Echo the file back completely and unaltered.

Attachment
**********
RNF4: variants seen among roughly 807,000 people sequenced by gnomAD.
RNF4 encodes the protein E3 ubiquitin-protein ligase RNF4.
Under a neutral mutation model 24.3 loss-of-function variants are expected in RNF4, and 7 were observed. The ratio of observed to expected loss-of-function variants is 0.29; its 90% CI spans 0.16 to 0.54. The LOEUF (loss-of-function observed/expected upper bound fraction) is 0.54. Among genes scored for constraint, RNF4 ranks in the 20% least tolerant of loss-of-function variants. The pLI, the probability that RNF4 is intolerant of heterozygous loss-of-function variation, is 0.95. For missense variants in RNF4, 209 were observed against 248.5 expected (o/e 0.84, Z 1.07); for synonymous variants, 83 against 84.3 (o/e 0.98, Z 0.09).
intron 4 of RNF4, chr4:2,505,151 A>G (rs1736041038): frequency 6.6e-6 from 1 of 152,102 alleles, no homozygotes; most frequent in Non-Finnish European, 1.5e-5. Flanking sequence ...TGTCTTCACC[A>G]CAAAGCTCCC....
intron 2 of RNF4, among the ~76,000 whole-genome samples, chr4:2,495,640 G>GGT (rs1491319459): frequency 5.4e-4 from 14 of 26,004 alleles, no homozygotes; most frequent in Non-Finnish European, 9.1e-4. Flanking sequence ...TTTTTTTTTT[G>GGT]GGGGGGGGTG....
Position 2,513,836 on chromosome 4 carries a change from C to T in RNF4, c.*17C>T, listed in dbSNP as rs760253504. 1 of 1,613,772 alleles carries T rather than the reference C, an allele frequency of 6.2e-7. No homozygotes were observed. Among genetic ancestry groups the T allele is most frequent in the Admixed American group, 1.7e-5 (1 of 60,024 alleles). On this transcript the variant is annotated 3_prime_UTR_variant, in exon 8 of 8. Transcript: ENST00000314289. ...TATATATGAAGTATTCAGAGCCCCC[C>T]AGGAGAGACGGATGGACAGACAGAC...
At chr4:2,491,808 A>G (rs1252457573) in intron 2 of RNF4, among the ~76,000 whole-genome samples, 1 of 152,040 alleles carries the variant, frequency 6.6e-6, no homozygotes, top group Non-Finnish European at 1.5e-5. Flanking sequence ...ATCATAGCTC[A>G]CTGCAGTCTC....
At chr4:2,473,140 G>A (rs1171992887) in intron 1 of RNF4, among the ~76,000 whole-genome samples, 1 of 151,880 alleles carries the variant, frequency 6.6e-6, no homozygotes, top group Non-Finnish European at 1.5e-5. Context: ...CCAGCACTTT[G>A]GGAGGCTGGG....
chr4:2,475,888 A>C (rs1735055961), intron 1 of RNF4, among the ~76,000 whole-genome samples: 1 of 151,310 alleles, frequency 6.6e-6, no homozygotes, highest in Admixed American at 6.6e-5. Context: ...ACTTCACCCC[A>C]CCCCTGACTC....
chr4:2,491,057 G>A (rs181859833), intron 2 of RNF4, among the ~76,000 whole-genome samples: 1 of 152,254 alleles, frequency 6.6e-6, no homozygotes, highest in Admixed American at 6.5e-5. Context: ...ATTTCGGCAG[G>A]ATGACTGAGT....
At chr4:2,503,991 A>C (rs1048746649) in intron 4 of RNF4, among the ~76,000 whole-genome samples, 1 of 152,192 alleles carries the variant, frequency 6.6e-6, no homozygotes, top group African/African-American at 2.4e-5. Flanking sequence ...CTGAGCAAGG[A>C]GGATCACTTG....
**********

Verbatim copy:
RNF4: variants seen among roughly 807,000 people sequenced by gnomAD.
RNF4 encodes the protein E3 ubiquitin-protein ligase RNF4.
Under a neutral mutation model 24.3 loss-of-function variants are expected in RNF4, and 7 were observed. The ratio of observed to expected loss-of-function variants is 0.29; its 90% CI spans 0.16 to 0.54. The LOEUF (loss-of-function observed/expected upper bound fraction) is 0.54. Among genes scored for constraint, RNF4 ranks in the 20% least tolerant of loss-of-function variants. The pLI, the probability that RNF4 is intolerant of heterozygous loss-of-function variation, is 0.95. For missense variants in RNF4, 209 were observed against 248.5 expected (o/e 0.84, Z 1.07); for synonymous variants, 83 against 84.3 (o/e 0.98, Z 0.09).
intron 4 of RNF4, chr4:2,505,151 A>G (rs1736041038): frequency 6.6e-6 from 1 of 152,102 alleles, no homozygotes; most frequent in Non-Finnish European, 1.5e-5. Flanking sequence ...TGTCTTCACC[A>G]CAAAGCTCCC....
intron 2 of RNF4, among the ~76,000 whole-genome samples, chr4:2,495,640 G>GGT (rs1491319459): frequency 5.4e-4 from 14 of 26,004 alleles, no homozygotes; most frequent in Non-Finnish European, 9.1e-4. Flanking sequence ...TTTTTTTTTT[G>GGT]GGGGGGGGTG....
Position 2,513,836 on chromosome 4 carries a change from C to T in RNF4, c.*17C>T, listed in dbSNP as rs760253504. 1 of 1,613,772 alleles carries T rather than the reference C, an allele frequency of 6.2e-7. No homozygotes were observed. Among genetic ancestry groups the T allele is most frequent in the Admixed American group, 1.7e-5 (1 of 60,024 alleles). On this transcript the variant is annotated 3_prime_UTR_variant, in exon 8 of 8. Transcript: ENST00000314289. ...TATATATGAAGTATTCAGAGCCCCC[C>T]AGGAGAGACGGATGGACAGACAGAC...
At chr4:2,491,808 A>G (rs1252457573) in intron 2 of RNF4, among the ~76,000 whole-genome samples, 1 of 152,040 alleles carries the variant, frequency 6.6e-6, no homozygotes, top group Non-Finnish European at 1.5e-5. Flanking sequence ...ATCATAGCTC[A>G]CTGCAGTCTC....
At chr4:2,473,140 G>A (rs1171992887) in intron 1 of RNF4, among the ~76,000 whole-genome samples, 1 of 151,880 alleles carries the variant, frequency 6.6e-6, no homozygotes, top group Non-Finnish European at 1.5e-5. Context: ...CCAGCACTTT[G>A]GGAGGCTGGG....
chr4:2,475,888 A>C (rs1735055961), intron 1 of RNF4, among the ~76,000 whole-genome samples: 1 of 151,310 alleles, frequency 6.6e-6, no homozygotes, highest in Admixed American at 6.6e-5. Context: ...ACTTCACCCC[A>C]CCCCTGACTC....
chr4:2,491,057 G>A (rs181859833), intron 2 of RNF4, among the ~76,000 whole-genome samples: 1 of 152,254 alleles, frequency 6.6e-6, no homozygotes, highest in Admixed American at 6.5e-5. Context: ...ATTTCGGCAG[G>A]ATGACTGAGT....
At chr4:2,503,991 A>C (rs1048746649) in intron 4 of RNF4, among the ~76,000 whole-genome samples, 1 of 152,192 alleles carries the variant, frequency 6.6e-6, no homozygotes, top group African/African-American at 2.4e-5. Flanking sequence ...CTGAGCAAGG[A>C]GGATCACTTG....